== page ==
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A Better Widget: Why Aren't Online Music Services Music-Friendly?

Screen Shot 2012-11-25 at 6.13.12 PMGuest post by Kyle Bylin of sidewinder.fm, a music and tech think tank.

A decade into the digital music revolution, it’s remarkable that we can create radio stations that we can customize to our taste and stream tens of millions of songs. You would be forgiven, however, if you hoped that these online music services did much else. Of course, it could be argued that a “good” experience is characterized by great recommendations and the flawless playback of music. You could even say that a “good” experience is delivered when a complex problem is solved by a simple product.

But the fact is that Pandora and Spotify are spectacular achievements that provide an underwhelming experience. They are marginally better widgets, with minimal features.

Why have these services fallen short of their potential?

Aaron Tap, guitarist for Matt Nathanson and Paula Kelley | @aarontap

My first thoughts are twofold. First off, I think the social aspect of music sharing is over-emphasized by the tech/hype machine. I've said it before and I still feel it's true. People share songs in certain moments and a song here and there can take hold in a zeitgeist kind of way but what might define "success" would be the Spot-Dora equivalent of a hit single. And with broadcast being limited to one user at a time, and a user that has to launch an app and click buttons to make broadcast happen, likelihood of a "Rolling In the Deep" to launch on Spot-Dora is next to nil. So, at the end of the day, these apps become slightly more bloated versions of iTunes.

Aaron Tap | @aarontap
More importantly, though, is the fact that these applications are competing with every other piece of information on users' screens. Whether that be work, HuffPo, Angry Birds, or whatever. Everything is concentrated in a tiny space, whereas radio is ubiquitous and can accompany a host of other experiences without being "in the way" as it were. And with dedicated listening platforms (CD/LP/cassette/8-track) there is something defining about putting a record on, even if you're doing that while you vacuum or make dinner or whatever, that heightens one's investment in the music. I know you can virtually put a record on on your iPhone and then do the dishes. But while you're picking your album, you're getting push messages, etc.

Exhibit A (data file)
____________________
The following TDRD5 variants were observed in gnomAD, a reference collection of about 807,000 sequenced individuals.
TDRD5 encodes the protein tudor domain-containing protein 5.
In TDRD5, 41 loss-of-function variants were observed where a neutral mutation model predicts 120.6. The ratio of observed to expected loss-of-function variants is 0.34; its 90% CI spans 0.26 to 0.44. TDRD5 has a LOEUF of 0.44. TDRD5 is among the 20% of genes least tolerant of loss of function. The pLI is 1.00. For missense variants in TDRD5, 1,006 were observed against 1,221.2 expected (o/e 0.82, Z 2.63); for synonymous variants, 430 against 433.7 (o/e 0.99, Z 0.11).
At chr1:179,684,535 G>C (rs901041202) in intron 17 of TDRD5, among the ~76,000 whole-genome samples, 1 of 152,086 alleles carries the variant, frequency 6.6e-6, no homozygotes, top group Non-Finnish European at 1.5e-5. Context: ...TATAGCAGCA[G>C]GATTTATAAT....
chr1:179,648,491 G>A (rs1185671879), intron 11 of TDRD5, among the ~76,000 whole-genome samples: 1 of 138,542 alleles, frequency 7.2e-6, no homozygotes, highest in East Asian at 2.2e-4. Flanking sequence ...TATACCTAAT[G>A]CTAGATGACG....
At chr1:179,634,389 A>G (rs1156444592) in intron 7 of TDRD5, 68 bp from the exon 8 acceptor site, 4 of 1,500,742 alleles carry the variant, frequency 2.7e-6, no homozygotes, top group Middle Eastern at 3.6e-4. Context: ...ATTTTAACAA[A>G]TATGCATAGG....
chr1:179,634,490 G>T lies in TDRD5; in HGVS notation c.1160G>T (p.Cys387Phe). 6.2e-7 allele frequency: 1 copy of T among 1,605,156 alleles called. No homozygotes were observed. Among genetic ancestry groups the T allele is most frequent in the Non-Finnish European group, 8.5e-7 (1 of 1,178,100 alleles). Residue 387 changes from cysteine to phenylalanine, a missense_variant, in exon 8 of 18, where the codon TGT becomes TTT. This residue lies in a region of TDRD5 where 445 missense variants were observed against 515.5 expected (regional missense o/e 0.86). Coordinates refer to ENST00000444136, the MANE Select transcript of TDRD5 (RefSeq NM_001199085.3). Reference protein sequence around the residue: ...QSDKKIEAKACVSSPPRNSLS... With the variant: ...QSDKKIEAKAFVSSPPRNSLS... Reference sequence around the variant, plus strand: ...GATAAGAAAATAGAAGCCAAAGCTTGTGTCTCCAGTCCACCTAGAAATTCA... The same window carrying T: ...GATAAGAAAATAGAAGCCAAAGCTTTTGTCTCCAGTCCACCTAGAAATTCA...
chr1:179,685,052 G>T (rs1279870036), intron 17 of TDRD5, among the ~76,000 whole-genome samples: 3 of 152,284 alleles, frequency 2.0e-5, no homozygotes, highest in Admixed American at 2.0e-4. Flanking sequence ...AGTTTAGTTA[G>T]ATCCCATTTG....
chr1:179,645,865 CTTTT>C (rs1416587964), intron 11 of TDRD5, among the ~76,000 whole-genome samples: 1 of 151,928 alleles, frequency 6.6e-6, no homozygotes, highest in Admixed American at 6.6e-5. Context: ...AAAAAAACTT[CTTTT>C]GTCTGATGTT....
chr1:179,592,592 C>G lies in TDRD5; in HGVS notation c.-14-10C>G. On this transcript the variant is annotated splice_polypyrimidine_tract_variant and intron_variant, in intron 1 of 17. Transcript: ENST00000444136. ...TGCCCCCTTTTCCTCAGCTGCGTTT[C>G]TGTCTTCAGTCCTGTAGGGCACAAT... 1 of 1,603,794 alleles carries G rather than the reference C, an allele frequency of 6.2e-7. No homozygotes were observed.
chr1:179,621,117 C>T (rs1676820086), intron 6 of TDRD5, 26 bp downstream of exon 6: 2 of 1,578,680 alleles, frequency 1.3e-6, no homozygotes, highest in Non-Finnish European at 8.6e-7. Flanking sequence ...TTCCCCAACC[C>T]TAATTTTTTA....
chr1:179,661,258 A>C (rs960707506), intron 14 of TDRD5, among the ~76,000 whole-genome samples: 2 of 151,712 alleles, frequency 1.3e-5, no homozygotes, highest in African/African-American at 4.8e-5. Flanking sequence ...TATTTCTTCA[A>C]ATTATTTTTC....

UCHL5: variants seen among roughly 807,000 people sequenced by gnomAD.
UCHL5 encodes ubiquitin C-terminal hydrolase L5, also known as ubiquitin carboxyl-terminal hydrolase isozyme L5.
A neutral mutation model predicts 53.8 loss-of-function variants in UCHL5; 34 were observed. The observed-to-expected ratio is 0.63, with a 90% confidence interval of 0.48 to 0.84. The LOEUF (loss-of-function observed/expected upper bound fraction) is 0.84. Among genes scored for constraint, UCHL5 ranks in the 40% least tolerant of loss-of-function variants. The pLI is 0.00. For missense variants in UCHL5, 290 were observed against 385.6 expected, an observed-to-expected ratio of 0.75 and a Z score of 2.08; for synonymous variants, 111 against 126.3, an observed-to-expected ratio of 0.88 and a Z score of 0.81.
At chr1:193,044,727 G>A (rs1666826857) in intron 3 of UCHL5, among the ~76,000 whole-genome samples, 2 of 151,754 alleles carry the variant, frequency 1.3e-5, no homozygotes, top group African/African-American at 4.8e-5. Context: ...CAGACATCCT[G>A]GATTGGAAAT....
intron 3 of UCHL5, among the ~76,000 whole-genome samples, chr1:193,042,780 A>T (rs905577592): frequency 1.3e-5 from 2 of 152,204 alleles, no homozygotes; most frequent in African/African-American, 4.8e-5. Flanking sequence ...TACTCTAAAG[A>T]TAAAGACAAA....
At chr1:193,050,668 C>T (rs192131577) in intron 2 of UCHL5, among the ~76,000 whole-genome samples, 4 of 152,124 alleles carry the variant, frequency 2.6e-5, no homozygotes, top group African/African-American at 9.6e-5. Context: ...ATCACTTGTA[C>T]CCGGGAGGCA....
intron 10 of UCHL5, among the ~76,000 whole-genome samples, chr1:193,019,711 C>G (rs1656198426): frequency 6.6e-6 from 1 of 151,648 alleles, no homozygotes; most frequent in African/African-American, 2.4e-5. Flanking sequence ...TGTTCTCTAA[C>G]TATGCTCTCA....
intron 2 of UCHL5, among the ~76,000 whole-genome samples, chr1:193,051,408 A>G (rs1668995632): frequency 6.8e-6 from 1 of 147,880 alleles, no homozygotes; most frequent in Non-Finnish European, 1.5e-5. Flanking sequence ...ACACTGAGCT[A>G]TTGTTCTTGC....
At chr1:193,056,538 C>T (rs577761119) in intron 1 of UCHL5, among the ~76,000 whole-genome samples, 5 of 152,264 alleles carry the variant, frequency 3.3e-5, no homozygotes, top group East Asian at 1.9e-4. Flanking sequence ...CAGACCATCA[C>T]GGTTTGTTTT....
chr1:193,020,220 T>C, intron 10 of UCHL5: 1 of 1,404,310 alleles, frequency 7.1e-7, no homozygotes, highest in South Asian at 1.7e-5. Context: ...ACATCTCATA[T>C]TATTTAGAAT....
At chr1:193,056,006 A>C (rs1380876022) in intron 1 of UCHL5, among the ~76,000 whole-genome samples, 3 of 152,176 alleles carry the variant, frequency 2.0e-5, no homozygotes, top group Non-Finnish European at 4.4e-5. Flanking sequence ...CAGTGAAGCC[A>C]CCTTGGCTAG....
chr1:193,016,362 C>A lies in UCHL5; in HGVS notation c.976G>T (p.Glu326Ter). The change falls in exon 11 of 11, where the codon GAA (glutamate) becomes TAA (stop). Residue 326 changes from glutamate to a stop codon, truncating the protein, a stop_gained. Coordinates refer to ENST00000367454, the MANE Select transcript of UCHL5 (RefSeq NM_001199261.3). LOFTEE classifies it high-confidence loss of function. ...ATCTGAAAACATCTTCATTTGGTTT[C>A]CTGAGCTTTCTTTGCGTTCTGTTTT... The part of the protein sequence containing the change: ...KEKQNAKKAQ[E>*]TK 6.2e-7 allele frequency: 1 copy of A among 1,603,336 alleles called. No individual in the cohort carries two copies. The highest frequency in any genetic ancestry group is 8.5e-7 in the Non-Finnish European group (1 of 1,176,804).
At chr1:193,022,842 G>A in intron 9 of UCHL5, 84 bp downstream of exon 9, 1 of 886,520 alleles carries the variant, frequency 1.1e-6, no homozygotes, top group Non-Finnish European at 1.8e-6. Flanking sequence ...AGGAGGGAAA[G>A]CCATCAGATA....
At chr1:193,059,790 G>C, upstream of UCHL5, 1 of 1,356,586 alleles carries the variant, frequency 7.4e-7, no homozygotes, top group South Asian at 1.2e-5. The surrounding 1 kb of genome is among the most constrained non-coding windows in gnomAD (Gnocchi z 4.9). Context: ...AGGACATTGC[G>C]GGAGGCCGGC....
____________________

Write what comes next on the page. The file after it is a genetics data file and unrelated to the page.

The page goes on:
Kyle Bylin | @sidewinderfm
You hit an important thread when you said, “So, at the end of the day, these apps become slightly more bloated versions of iTunes.”

Obviously, such imitation is done on purpose, as it gives users an easy way to understand Spotify and the functionality it offers. But this also places Spotify inside a box without much wiggle room.

Part of the reason Spotify opened up their platform to developers is to expand the feature set without growing the risk. It has also been reported that Spotify may soon introduce a web app, which could open up many new possibilities.

Will Spotify and rival companies continue to pursue the "spreadsheet approach" to music apps? Should the experience be rethought or is this what the "average listener" desires?

Aaron Tap | @aarontap
Good thinking. Most of the interesting stuff that happens on Spotify has been with apps. It might just be that real change will come in some bold new application that strips off the staid layouts (I had never put it that way, but it totally is just a “spreadsheet” - boring!). Maybe something that combines the all-web search services of the Swarm.fm app with a purely visual/touch-based interface that allows listeners to interact with their music in new and unusual ways? It's very hard to hit on, because, as has been noted, developers are often a few steps removed from the average listener. As are musicians themselves. I'm still waiting for a surprise. An actual revolutionary idea.